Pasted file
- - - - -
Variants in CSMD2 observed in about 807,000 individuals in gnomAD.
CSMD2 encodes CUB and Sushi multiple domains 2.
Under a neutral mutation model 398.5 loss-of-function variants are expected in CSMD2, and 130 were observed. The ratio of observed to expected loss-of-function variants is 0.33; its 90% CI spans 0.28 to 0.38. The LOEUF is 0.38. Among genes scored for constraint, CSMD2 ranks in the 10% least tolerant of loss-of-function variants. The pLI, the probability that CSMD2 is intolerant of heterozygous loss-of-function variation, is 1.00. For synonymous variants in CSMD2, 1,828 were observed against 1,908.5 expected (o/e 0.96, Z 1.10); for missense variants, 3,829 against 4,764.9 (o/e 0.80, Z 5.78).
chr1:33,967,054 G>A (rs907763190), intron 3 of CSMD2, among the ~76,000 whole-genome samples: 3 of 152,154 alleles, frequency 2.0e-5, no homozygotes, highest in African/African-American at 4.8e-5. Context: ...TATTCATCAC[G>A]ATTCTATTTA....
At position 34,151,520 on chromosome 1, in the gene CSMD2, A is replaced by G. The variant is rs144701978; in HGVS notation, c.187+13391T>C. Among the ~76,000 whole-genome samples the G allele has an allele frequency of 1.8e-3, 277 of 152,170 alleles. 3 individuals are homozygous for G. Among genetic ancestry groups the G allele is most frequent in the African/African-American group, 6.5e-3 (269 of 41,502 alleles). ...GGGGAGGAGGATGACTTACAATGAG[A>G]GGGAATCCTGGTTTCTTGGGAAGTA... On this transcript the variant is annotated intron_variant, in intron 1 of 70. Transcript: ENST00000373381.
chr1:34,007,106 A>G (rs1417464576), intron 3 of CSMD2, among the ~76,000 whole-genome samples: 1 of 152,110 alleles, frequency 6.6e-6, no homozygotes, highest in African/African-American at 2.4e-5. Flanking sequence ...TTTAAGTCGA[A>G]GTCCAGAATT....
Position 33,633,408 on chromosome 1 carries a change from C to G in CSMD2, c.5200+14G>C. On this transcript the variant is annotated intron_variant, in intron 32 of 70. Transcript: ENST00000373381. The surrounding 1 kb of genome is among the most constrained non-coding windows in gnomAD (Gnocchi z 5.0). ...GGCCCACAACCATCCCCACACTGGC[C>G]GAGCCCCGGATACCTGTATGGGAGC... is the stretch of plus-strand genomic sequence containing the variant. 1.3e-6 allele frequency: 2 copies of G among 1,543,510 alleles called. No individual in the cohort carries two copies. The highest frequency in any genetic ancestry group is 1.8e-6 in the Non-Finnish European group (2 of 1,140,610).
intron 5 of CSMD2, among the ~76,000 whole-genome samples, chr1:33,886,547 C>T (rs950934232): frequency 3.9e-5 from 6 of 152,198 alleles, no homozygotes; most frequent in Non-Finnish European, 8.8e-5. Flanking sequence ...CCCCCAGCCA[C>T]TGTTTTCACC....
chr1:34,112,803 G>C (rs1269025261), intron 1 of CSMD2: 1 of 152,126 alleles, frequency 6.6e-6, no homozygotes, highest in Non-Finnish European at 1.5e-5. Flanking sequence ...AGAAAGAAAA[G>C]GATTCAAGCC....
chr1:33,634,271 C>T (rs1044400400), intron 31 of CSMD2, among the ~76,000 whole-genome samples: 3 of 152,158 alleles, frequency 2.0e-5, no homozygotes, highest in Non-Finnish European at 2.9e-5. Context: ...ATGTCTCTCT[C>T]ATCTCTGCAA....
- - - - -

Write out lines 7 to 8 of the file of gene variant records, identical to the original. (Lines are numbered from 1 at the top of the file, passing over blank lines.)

Position 33,633,408 on chromosome 1 carries a change from C to G in CSMD2, c.5200+14G>C. On this transcript the variant is annotated intron_variant, in intron 32 of 70. Transcript: ENST00000373381. The surrounding 1 kb of genome is among the most constrained non-coding windows in gnomAD (Gnocchi z 5.0). ...GGCCCACAACCATCCCCACACTGGC[C>G]GAGCCCCGGATACCTGTATGGGAGC... is the stretch of plus-strand genomic sequence containing the variant. 1.3e-6 allele frequency: 2 copies of G among 1,543,510 alleles called. No individual in the cohort carries two copies. The highest frequency in any genetic ancestry group is 1.8e-6 in the Non-Finnish European group (2 of 1,140,610).
intron 5 of CSMD2, among the ~76,000 whole-genome samples, chr1:33,886,547 C>T (rs950934232): frequency 3.9e-5 from 6 of 152,198 alleles, no homozygotes; most frequent in Non-Finnish European, 8.8e-5. Flanking sequence ...CCCCCAGCCA[C>T]TGTTTTCACC....